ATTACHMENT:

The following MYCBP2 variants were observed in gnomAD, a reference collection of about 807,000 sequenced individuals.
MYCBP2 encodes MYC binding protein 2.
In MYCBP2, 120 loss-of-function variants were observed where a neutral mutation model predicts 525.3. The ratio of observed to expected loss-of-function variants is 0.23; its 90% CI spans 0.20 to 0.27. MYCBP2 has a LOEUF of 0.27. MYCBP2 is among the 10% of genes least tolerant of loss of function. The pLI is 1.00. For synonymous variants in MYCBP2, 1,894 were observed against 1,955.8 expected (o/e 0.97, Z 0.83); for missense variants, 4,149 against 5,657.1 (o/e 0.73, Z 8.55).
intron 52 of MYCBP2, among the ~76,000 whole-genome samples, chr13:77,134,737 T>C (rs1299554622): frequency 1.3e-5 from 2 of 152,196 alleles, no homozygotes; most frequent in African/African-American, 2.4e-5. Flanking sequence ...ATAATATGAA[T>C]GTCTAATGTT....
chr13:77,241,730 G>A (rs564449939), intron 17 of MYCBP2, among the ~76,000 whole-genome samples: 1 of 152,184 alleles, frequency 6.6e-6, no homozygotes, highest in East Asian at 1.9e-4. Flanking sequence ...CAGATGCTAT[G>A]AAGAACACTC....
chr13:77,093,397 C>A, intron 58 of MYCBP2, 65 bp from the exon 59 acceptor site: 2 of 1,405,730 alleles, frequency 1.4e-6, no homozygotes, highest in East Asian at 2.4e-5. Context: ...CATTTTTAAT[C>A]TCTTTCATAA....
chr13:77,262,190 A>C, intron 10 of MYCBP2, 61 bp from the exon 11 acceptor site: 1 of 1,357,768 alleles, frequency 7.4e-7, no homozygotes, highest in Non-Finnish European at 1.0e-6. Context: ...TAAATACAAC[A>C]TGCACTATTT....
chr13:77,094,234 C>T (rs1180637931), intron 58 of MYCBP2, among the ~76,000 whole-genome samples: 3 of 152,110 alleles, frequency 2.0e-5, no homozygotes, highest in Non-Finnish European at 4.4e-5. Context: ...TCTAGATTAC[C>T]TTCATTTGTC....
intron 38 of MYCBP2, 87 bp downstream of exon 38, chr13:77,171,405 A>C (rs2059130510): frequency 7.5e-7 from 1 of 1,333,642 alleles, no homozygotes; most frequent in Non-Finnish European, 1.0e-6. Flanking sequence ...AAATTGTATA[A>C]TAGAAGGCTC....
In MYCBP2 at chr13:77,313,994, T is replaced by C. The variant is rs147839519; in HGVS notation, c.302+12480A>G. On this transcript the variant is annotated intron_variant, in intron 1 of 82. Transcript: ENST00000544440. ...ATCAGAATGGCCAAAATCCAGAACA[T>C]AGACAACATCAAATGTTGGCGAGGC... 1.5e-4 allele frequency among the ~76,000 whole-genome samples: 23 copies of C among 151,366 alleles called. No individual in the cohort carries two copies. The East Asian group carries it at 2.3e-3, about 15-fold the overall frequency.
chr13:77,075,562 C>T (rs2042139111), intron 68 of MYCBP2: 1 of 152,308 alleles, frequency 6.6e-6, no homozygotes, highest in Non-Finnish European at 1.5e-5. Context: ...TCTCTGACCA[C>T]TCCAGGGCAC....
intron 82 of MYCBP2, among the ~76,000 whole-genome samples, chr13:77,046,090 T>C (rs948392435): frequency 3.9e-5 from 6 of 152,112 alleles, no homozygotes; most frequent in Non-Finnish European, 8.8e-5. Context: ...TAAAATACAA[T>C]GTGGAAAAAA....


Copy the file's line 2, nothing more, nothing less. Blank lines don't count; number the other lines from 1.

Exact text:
MYCBP2 encodes MYC binding protein 2.